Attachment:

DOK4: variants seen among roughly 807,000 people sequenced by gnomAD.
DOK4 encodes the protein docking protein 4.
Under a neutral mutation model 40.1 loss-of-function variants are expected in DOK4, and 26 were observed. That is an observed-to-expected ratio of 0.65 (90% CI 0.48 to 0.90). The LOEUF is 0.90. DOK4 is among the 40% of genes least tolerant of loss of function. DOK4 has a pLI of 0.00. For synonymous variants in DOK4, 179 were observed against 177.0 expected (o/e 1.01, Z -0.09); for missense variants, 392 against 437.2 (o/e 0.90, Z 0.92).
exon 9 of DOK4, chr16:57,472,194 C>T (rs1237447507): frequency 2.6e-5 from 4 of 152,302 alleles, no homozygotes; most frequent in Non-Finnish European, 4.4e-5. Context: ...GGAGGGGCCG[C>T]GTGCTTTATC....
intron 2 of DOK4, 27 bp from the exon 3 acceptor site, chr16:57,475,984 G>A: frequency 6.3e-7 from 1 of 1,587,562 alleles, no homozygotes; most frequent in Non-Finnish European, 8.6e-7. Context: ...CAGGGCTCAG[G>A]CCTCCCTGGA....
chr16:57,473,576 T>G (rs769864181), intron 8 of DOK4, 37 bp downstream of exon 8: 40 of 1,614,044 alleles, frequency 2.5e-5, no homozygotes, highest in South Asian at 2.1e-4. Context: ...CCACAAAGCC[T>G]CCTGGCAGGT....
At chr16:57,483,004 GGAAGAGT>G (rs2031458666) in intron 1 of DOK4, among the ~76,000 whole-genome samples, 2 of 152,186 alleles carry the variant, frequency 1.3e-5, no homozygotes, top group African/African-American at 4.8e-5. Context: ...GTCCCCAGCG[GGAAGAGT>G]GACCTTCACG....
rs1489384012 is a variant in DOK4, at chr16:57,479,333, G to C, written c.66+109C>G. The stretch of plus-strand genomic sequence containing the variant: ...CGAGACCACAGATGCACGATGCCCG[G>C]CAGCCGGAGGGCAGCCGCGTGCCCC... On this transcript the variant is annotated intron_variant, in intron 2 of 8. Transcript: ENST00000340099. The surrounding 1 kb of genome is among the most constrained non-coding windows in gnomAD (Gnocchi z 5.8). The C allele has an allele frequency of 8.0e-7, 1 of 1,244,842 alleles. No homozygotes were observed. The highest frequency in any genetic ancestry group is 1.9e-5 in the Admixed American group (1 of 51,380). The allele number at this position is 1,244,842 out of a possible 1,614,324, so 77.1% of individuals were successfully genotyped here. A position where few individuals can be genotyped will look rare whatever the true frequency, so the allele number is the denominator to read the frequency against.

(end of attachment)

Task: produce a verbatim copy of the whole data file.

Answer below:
DOK4: variants seen among roughly 807,000 people sequenced by gnomAD.
DOK4 encodes the protein docking protein 4.
Under a neutral mutation model 40.1 loss-of-function variants are expected in DOK4, and 26 were observed. That is an observed-to-expected ratio of 0.65 (90% CI 0.48 to 0.90). The LOEUF is 0.90. DOK4 is among the 40% of genes least tolerant of loss of function. DOK4 has a pLI of 0.00. For synonymous variants in DOK4, 179 were observed against 177.0 expected (o/e 1.01, Z -0.09); for missense variants, 392 against 437.2 (o/e 0.90, Z 0.92).
exon 9 of DOK4, chr16:57,472,194 C>T (rs1237447507): frequency 2.6e-5 from 4 of 152,302 alleles, no homozygotes; most frequent in Non-Finnish European, 4.4e-5. Context: ...GGAGGGGCCG[C>T]GTGCTTTATC....
intron 2 of DOK4, 27 bp from the exon 3 acceptor site, chr16:57,475,984 G>A: frequency 6.3e-7 from 1 of 1,587,562 alleles, no homozygotes; most frequent in Non-Finnish European, 8.6e-7. Context: ...CAGGGCTCAG[G>A]CCTCCCTGGA....
chr16:57,473,576 T>G (rs769864181), intron 8 of DOK4, 37 bp downstream of exon 8: 40 of 1,614,044 alleles, frequency 2.5e-5, no homozygotes, highest in South Asian at 2.1e-4. Context: ...CCACAAAGCC[T>G]CCTGGCAGGT....
At chr16:57,483,004 GGAAGAGT>G (rs2031458666) in intron 1 of DOK4, among the ~76,000 whole-genome samples, 2 of 152,186 alleles carry the variant, frequency 1.3e-5, no homozygotes, top group African/African-American at 4.8e-5. Context: ...GTCCCCAGCG[GGAAGAGT>G]GACCTTCACG....
rs1489384012 is a variant in DOK4, at chr16:57,479,333, G to C, written c.66+109C>G. The stretch of plus-strand genomic sequence containing the variant: ...CGAGACCACAGATGCACGATGCCCG[G>C]CAGCCGGAGGGCAGCCGCGTGCCCC... On this transcript the variant is annotated intron_variant, in intron 2 of 8. Transcript: ENST00000340099. The surrounding 1 kb of genome is among the most constrained non-coding windows in gnomAD (Gnocchi z 5.8). The C allele has an allele frequency of 8.0e-7, 1 of 1,244,842 alleles. No homozygotes were observed. The highest frequency in any genetic ancestry group is 1.9e-5 in the Admixed American group (1 of 51,380). The allele number at this position is 1,244,842 out of a possible 1,614,324, so 77.1% of individuals were successfully genotyped here. A position where few individuals can be genotyped will look rare whatever the true frequency, so the allele number is the denominator to read the frequency against.